Communities Putting Prevention to Work: Alleghany, Ashe, and Watauga counties, North Carolina

Local North Carolina-grown fruits and vegetables will be more available, especially to rural communities and low-income residents through new farmers' markets. Teenagers picking up a quick afterschool snack will find healthy items at the convenience store. Children will participate in child-care programs with more physical activity. Mothers will be encouraged and provided the support necessary to breast-feed. Residents will take advantage of new shared-use agreements to exercise at facilities throughout the community. Community members from all three Appalachian Counties will unite in the...

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Communities Putting Prevention to Work: Wood County, Wisconsin

  • In Wood County, 19 new gardens have been created at childcare centers serving 1,800 children. The gardens support early learning about healthy eating and increasing consumption of fruits and vegetables.
  • More than 200 second- through fourth-grade students at 10 Wood County elementary schools participated in Fit-tastic, an eight-week afterschool program that helped them develop healthier eating and physical-activity habits.
  • Two local United Way organizations are incorporating wellness-outcomes objectives into their grant contracts with 58 community-based
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Alameda County Department of Public Health, California: Building Internal and External Capacity to Address Inequities in Health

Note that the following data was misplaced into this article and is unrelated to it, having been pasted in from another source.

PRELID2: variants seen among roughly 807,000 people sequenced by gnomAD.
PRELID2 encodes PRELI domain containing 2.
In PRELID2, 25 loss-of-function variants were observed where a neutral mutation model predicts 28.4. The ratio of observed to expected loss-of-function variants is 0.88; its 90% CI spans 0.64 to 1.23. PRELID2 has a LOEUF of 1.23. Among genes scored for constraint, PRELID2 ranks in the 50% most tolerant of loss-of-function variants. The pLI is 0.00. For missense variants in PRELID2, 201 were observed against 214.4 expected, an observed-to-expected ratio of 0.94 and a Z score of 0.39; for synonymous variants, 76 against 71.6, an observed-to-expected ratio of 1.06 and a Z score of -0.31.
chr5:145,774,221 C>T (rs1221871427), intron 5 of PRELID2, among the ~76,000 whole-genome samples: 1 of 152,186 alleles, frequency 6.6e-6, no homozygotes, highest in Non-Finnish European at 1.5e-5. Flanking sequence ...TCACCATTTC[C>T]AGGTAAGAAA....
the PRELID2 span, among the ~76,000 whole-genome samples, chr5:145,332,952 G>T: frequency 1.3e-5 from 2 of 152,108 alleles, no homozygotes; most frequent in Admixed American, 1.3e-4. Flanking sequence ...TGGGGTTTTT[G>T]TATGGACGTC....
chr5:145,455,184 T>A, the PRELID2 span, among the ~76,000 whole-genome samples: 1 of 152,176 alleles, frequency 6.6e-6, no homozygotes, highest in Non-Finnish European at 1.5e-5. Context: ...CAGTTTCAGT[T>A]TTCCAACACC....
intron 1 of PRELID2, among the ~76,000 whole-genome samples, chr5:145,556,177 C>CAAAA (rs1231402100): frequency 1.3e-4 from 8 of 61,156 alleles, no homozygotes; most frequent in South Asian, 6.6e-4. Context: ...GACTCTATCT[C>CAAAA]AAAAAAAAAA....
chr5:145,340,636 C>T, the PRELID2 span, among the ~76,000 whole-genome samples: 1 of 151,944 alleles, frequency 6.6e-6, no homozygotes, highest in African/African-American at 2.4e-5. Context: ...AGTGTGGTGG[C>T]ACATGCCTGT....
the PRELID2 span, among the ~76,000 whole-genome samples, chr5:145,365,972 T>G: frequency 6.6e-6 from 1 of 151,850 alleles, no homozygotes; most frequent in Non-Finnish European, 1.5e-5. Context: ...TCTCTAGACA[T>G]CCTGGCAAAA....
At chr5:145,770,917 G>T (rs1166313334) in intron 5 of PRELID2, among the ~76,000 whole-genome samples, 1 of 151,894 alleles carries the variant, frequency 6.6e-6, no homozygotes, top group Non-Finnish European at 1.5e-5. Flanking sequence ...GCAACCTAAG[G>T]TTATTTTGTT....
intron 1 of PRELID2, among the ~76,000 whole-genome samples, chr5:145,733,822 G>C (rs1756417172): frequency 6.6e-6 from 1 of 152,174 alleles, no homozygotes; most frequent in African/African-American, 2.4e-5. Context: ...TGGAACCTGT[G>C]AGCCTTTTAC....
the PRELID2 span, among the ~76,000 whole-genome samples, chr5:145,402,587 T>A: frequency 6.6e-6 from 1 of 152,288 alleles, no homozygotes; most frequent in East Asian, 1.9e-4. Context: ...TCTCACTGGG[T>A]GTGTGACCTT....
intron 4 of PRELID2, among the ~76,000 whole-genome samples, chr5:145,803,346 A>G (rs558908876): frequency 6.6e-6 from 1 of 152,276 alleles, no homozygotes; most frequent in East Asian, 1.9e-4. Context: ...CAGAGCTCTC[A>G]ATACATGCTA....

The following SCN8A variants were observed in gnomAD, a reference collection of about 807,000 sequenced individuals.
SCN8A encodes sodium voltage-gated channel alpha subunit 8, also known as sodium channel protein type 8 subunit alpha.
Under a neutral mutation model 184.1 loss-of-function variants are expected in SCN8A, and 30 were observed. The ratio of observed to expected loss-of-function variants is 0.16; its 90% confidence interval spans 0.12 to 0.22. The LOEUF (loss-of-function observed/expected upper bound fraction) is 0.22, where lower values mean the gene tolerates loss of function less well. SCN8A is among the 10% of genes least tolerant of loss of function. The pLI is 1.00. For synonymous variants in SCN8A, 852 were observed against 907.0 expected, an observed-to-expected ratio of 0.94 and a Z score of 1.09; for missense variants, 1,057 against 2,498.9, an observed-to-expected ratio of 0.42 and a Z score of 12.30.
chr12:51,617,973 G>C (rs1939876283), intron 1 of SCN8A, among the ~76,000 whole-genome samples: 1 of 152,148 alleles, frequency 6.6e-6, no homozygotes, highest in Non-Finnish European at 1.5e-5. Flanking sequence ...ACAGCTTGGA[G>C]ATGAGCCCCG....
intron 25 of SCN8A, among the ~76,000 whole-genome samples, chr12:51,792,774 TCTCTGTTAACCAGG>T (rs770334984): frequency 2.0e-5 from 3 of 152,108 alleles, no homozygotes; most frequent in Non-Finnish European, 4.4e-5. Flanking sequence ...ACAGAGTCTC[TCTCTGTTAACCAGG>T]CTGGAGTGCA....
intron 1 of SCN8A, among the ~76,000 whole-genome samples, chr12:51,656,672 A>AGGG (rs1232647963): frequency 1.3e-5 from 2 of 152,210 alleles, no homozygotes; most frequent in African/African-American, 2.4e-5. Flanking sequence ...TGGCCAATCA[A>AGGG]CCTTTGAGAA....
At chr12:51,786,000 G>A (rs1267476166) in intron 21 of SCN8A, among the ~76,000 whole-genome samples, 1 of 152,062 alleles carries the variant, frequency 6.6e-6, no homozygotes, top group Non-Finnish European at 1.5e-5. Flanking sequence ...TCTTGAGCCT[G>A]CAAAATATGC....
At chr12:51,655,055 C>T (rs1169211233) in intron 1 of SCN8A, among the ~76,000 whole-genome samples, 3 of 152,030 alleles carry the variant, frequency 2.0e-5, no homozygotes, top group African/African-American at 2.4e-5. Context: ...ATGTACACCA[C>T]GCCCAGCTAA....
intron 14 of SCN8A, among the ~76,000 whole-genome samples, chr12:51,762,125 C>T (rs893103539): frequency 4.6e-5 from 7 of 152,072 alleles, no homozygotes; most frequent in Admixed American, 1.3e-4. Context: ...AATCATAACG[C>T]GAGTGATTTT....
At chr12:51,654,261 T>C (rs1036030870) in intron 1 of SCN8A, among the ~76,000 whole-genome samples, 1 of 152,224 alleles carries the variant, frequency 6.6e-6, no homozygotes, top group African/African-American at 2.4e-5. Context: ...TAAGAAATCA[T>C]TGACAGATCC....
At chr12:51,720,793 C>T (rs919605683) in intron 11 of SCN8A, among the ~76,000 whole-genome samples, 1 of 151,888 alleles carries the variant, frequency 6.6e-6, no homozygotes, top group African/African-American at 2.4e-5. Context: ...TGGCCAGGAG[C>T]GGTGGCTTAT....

Alameda County, California experiences severe disparities in health outcomes and related disparities in education, poverty level, and housing. The depth of these disparities was first documented in the Alameda County Health Status Report (CHSR) 2000, and reiterated in the subsequent 2003 and 2006 Status Reports. Data from the CHSRs have sparked debate among residents and policy makers, and guided the Alameda County Public Health Department leadership to accelerate conversations about broadening the department's efforts to work more closely with community partners to address the social conditions that create health inequities. Funding for this report was provided by Public Health Foundation.

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Communities Putting Prevention to Work: Cincinnati, Ohio

Thanks to Communities Putting Prevention to Work funding, the Cincinnati Public School system has already implemented new guidelines for foods and beverages sold in school vending machines, a la carte lines and school stores, ensuring that they meet nutrition standards that place limits on calories, certain nutrients and portion size. That's 34,000 children eating healthier, in one city alone.

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Pixley High School and Ballet Folklorico After School Program

In Pixley, California, a small town of 2,500 that is predominantly Latino, the local school embraced joint use of its facilities, the highlight of which is Ballet Folkorico, a dance program that is run by parent volunteers. The benefits are far-reaching: children feel connected to their cultural heritage, it gives them greater self-confidence, improves their academics, and keeps them moving and active.

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